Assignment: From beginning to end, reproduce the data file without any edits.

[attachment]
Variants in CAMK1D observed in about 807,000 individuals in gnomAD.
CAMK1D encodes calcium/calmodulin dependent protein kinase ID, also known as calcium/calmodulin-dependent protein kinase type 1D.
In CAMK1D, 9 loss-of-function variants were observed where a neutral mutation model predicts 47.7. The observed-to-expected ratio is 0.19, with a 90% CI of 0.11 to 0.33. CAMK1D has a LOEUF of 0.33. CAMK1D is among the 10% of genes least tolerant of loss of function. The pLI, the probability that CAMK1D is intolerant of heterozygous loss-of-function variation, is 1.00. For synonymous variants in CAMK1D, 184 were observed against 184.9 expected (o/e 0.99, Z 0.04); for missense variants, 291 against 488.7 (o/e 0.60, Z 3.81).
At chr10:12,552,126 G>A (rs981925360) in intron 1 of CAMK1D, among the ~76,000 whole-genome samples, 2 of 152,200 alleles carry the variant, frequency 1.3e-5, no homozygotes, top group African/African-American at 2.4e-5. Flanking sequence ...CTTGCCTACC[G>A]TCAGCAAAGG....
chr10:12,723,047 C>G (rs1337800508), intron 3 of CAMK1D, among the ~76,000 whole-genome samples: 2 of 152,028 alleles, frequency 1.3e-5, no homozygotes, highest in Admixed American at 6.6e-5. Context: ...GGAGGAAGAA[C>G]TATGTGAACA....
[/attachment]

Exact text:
Variants in CAMK1D observed in about 807,000 individuals in gnomAD.
CAMK1D encodes calcium/calmodulin dependent protein kinase ID, also known as calcium/calmodulin-dependent protein kinase type 1D.
In CAMK1D, 9 loss-of-function variants were observed where a neutral mutation model predicts 47.7. The observed-to-expected ratio is 0.19, with a 90% CI of 0.11 to 0.33. CAMK1D has a LOEUF of 0.33. CAMK1D is among the 10% of genes least tolerant of loss of function. The pLI, the probability that CAMK1D is intolerant of heterozygous loss-of-function variation, is 1.00. For synonymous variants in CAMK1D, 184 were observed against 184.9 expected (o/e 0.99, Z 0.04); for missense variants, 291 against 488.7 (o/e 0.60, Z 3.81).
At chr10:12,552,126 G>A (rs981925360) in intron 1 of CAMK1D, among the ~76,000 whole-genome samples, 2 of 152,200 alleles carry the variant, frequency 1.3e-5, no homozygotes, top group African/African-American at 2.4e-5. Flanking sequence ...CTTGCCTACC[G>A]TCAGCAAAGG....
chr10:12,723,047 C>G (rs1337800508), intron 3 of CAMK1D, among the ~76,000 whole-genome samples: 2 of 152,028 alleles, frequency 1.3e-5, no homozygotes, highest in Admixed American at 6.6e-5. Context: ...GGAGGAAGAA[C>G]TATGTGAACA....